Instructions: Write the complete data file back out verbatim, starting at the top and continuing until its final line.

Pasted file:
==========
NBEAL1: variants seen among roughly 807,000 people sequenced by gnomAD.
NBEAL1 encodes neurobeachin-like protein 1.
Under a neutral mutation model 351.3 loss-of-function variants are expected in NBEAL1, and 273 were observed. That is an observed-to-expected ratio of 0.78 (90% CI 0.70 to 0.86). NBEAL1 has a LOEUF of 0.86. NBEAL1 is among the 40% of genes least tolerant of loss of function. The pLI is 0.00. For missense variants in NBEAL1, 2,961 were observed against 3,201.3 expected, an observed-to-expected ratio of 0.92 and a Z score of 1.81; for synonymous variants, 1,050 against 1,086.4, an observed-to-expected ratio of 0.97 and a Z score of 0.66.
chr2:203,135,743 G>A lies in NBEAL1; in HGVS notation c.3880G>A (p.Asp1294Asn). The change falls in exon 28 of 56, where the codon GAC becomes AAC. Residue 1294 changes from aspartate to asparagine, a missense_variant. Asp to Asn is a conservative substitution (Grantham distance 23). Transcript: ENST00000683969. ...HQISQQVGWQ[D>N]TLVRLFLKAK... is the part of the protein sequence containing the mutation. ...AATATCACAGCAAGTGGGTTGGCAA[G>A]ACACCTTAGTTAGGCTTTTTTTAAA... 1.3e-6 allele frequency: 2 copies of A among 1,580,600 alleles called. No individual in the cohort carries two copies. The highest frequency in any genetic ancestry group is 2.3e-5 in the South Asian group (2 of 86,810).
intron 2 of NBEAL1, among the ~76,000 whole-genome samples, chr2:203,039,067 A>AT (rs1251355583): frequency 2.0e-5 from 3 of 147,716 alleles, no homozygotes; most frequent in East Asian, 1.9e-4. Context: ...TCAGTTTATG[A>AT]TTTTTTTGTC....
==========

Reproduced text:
NBEAL1: variants seen among roughly 807,000 people sequenced by gnomAD.
NBEAL1 encodes neurobeachin-like protein 1.
Under a neutral mutation model 351.3 loss-of-function variants are expected in NBEAL1, and 273 were observed. That is an observed-to-expected ratio of 0.78 (90% CI 0.70 to 0.86). NBEAL1 has a LOEUF of 0.86. NBEAL1 is among the 40% of genes least tolerant of loss of function. The pLI is 0.00. For missense variants in NBEAL1, 2,961 were observed against 3,201.3 expected, an observed-to-expected ratio of 0.92 and a Z score of 1.81; for synonymous variants, 1,050 against 1,086.4, an observed-to-expected ratio of 0.97 and a Z score of 0.66.
chr2:203,135,743 G>A lies in NBEAL1; in HGVS notation c.3880G>A (p.Asp1294Asn). The change falls in exon 28 of 56, where the codon GAC becomes AAC. Residue 1294 changes from aspartate to asparagine, a missense_variant. Asp to Asn is a conservative substitution (Grantham distance 23). Transcript: ENST00000683969. ...HQISQQVGWQ[D>N]TLVRLFLKAK... is the part of the protein sequence containing the mutation. ...AATATCACAGCAAGTGGGTTGGCAA[G>A]ACACCTTAGTTAGGCTTTTTTTAAA... 1.3e-6 allele frequency: 2 copies of A among 1,580,600 alleles called. No individual in the cohort carries two copies. The highest frequency in any genetic ancestry group is 2.3e-5 in the South Asian group (2 of 86,810).
intron 2 of NBEAL1, among the ~76,000 whole-genome samples, chr2:203,039,067 A>AT (rs1251355583): frequency 2.0e-5 from 3 of 147,716 alleles, no homozygotes; most frequent in East Asian, 1.9e-4. Context: ...TCAGTTTATG[A>AT]TTTTTTTGTC....